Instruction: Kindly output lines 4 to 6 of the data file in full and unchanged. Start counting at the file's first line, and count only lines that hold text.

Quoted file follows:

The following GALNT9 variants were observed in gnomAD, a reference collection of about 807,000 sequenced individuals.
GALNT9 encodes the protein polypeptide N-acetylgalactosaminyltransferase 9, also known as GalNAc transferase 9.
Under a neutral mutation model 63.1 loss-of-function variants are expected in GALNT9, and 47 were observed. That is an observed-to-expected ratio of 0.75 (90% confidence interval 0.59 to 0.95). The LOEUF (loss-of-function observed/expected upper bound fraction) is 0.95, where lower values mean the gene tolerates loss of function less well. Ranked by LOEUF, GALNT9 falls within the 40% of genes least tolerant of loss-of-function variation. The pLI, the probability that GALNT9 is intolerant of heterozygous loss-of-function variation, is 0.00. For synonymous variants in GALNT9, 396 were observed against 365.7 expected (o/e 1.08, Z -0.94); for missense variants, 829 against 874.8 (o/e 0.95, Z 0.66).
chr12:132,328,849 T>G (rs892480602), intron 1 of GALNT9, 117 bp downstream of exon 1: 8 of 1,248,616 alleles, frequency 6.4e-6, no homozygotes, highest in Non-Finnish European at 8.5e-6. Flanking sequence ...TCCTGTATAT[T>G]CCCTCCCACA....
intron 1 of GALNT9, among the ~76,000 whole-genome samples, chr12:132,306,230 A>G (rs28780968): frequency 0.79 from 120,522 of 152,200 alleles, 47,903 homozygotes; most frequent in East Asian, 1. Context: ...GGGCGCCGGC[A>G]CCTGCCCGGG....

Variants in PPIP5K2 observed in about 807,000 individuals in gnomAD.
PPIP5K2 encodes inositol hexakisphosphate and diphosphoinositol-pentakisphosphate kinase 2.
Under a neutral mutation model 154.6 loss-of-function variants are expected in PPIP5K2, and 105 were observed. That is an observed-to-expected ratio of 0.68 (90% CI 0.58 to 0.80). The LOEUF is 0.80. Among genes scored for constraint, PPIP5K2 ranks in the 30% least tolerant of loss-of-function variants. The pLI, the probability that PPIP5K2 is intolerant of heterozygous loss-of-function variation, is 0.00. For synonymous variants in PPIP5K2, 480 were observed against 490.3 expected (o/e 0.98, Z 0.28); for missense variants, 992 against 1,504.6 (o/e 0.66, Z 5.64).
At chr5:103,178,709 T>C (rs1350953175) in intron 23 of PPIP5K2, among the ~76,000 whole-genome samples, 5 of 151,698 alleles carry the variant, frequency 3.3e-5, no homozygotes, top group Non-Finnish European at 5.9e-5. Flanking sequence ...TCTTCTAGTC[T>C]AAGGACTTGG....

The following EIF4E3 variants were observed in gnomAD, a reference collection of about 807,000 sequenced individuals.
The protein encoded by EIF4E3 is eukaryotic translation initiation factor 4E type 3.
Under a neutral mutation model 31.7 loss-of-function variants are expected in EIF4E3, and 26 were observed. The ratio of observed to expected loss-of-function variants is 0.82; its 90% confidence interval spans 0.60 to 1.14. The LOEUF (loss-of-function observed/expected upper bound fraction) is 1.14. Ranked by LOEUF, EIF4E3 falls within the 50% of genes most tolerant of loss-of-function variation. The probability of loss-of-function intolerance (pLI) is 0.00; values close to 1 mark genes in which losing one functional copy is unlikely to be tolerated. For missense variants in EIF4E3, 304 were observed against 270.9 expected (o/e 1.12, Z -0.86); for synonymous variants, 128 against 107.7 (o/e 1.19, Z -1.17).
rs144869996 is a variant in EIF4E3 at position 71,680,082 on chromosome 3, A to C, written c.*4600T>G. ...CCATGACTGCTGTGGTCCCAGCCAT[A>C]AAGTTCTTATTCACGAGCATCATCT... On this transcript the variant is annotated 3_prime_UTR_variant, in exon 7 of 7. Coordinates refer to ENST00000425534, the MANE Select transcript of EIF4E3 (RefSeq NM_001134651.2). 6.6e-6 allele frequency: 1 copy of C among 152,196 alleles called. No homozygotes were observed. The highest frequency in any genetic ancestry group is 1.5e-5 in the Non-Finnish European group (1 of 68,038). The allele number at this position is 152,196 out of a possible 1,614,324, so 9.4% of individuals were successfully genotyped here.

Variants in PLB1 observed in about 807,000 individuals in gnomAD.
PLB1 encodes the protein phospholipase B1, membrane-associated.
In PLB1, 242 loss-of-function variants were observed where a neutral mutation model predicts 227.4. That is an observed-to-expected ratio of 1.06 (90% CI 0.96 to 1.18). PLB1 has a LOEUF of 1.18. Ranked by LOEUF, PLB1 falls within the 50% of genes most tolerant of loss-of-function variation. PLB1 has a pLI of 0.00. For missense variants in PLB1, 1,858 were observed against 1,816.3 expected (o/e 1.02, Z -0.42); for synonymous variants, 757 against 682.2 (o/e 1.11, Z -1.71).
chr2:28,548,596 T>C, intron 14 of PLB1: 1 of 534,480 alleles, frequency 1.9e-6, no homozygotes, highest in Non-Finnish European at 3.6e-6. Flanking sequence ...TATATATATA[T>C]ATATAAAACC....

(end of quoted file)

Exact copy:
chr12:132,328,849 T>G (rs892480602), intron 1 of GALNT9, 117 bp downstream of exon 1: 8 of 1,248,616 alleles, frequency 6.4e-6, no homozygotes, highest in Non-Finnish European at 8.5e-6. Flanking sequence ...TCCTGTATAT[T>G]CCCTCCCACA....
intron 1 of GALNT9, among the ~76,000 whole-genome samples, chr12:132,306,230 A>G (rs28780968): frequency 0.79 from 120,522 of 152,200 alleles, 47,903 homozygotes; most frequent in East Asian, 1. Context: ...GGGCGCCGGC[A>G]CCTGCCCGGG....

Variants in PPIP5K2 observed in about 807,000 individuals in gnomAD.